by Xiaoze Xie.
posted by carter
on Nov 15, 2011 -
(Belgium, 1971, aka ‘The Legend of Doom House’) is a movie
that has been described as ‘bizarre, lurid and baffling;’ ‘a mysterious curiosity;’ and ‘exquisitely bonkers.’ An international cast led by Mathieu Carrière and Susan Hampshire (playing five
rôles) also included Orson Welles
. Its director, Harry Kümel
, is otherwise best known for his stylish lesbian
vampire flick Les Lèvres Rouges
’). The movie
was adapted from an unusual
, first published in wartime Brussels—the work
of Jean Ray
(aka Raymond Jean-Marie de Kremer): a convicted embezzler & prolific hack
, who was, nevertheless, one of the foremost exponents
of the fantastique
in French-language fiction. Please note that some of the links above are NSFW
(some nudity) & several contain SPOILERS
. [more inside]
posted by misteraitch
on Nov 14, 2011 -
I don’t believe in dissing books I used to love, and I always suspect the moral judgment of people who sneer at the taste of the reader they used to be: “I know thee not, old book.”
Six writers talk what's on their shelves.
posted by villanelles at dawn
on Nov 12, 2011 -
"This Halloween, give somebody a scary book, to read. That's it. That's the idea. It's going to be a tradition.
" It's an idea Neil Gaiman came up a year ago
. It's called All Hallow's Read
, with a website and everything, which has book recommendations of all sorts
, plus stickers, bookmarks, cards, and a small story you can print off
, as well as a poster contest for next year's event
. [more inside]
posted by filthy light thief
on Oct 31, 2011 -
The book covers at Paris's famed Shakespeare and Company bookstore come to life in this stop-motion collaboration between director Spike Jonze and designer Olympia Le-Tan, Mourir Auprès De Toi
(To Die By Your Side). [more inside]
posted by Horace Rumpole
on Oct 19, 2011 -
Do Androids Dream of Electric Authors? [NYTimes.com]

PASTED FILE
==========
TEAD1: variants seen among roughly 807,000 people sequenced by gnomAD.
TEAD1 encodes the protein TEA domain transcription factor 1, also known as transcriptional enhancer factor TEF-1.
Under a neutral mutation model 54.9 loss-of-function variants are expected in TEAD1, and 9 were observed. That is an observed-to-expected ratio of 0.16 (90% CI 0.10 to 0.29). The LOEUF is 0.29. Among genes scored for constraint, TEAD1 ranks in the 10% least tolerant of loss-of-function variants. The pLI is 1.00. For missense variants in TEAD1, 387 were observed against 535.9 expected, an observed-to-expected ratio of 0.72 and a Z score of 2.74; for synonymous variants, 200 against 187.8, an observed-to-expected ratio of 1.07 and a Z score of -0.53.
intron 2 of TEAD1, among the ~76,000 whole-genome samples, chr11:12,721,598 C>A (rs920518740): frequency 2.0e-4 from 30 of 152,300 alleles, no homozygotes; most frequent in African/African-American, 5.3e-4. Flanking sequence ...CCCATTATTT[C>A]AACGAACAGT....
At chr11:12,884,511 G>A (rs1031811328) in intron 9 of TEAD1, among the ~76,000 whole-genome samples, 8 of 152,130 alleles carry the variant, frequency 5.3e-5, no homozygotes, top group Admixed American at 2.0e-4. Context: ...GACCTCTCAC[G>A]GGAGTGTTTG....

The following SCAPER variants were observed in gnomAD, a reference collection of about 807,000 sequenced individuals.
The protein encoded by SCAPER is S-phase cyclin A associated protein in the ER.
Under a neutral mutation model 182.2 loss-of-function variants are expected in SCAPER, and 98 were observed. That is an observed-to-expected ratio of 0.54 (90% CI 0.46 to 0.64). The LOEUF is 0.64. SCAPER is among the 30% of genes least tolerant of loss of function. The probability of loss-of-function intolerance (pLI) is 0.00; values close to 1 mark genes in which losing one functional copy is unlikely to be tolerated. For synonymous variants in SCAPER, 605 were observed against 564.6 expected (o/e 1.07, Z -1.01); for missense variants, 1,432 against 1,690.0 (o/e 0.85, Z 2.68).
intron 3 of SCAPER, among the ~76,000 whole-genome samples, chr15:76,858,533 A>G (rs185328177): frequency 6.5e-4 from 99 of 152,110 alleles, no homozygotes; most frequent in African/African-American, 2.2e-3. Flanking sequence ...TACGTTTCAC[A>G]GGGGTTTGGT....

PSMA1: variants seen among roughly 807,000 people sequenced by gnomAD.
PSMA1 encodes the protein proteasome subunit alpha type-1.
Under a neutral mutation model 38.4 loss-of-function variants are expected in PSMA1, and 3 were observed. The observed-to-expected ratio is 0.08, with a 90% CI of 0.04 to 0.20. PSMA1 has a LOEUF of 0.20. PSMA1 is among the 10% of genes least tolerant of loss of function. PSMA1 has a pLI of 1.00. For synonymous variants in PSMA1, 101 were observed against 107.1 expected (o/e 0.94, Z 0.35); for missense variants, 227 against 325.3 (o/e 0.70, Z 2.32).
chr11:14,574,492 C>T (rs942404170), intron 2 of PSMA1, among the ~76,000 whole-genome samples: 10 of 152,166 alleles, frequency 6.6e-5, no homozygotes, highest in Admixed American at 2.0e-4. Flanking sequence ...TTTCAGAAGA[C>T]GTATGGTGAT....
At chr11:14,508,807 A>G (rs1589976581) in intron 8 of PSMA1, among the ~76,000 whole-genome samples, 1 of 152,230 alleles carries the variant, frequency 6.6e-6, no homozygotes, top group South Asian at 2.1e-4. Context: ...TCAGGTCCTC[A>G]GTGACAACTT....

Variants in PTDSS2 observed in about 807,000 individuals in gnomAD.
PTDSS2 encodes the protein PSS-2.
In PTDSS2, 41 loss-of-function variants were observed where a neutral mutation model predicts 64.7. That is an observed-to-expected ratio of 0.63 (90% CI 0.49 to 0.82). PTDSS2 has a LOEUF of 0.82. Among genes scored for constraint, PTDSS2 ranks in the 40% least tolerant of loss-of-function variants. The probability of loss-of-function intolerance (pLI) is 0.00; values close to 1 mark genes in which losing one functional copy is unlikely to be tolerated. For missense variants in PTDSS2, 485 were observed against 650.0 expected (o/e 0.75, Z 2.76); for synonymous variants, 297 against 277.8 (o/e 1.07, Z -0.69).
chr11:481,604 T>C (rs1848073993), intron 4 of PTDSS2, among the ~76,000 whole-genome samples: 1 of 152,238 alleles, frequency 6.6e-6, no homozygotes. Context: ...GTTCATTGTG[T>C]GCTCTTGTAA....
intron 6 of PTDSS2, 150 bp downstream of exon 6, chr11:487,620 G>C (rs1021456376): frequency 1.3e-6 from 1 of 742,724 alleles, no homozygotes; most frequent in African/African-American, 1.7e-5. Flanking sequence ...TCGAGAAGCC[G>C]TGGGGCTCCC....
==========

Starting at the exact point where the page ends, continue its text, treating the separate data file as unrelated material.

"So who was Lambert M. Surhone? Just looking at the numbers, you could argue that he’s one of the most prolific creators of literature who ever lived. But was he even human? There are now software programs — robots, if you will — that can gather text and organize it into a book. Surhone might be one of them."
posted by Fizz
on Oct 16, 2011 -
"Madeleine encounters Leonard in the lit crit seminar. He's a hulking, attractive guy who alternates between silence and bursts of intellectual virtuosity. He chews tobacco. He wears a bandanna. He's David Foster Wallace
." (via Slate) [more inside]
posted by GraceCathedral
on Oct 10, 2011 -
British Fantasy Award winner returns prize; Sam Stone hands back award after criticism of judging process. [The Guardian]
"Controversy has riven the 40-year-old British Fantasy Awards, with the winner of the best novel prize handing her award back just three days after it was bestowed.
But the organisation and presentation of the awards has been drawing criticism since then, culminating in Sam Stone, the winner of the best novel award – named after American writer and editor August Derleth – announcing yesterday that she is giving it back.
The biggest attack on the awards was delivered by editor and anthologist Stephen Jones, who on Tuesday posted a lengthy blog
decrying the organisation of the BFAs and making several allegations against awards co-ordinator and British Fantasy Society chairman David Howe."
posted by Fizz
on Oct 6, 2011 -
An American writer hasn't won the Nobel Prize for Literature since 1993 (Toni Morrison). Slate's Alexander Nazaryan tells us why
: "The rising generation of writers behind Oates, Roth and DeLillo are dominated by Great Male Narcissists — even the writers who aren’t male (or white)."
posted by bardic
on Oct 4, 2011 -
In 1977-1978, a public access TV show called Public Access Poetry
featured leading poets from across the country (Ted Berrigan, Ron Padgett, Eileen Myles, John Yau, Brad Gooch, just to name a few). [more inside]
posted by mattbucher
on Sep 23, 2011 -
Enclyclopedia Brown is a children's fiction series written by Donald J. Sobol since 1963 and still very popular today. These are the 10 most ridiculously difficult mysteries
in the series and baffling as to how a child is supposed to be able to solve them.
posted by rozomon
on Aug 30, 2011 -
Biomedical Ephemera, or, a Frog for your Boils
is "A blog for all biological and medical ephemera, from the age of Abraham through the era of medical quackery and cure-all nostrums. Sometimes featuring illustrations of diseases and conditions of the times, sometimes fascinating ephemeral medical equipment, and sometimes clippings and information about the theories themselves." The archive page
is also a useful starting point. via Things Magazine.
posted by Rumple
on Aug 29, 2011 -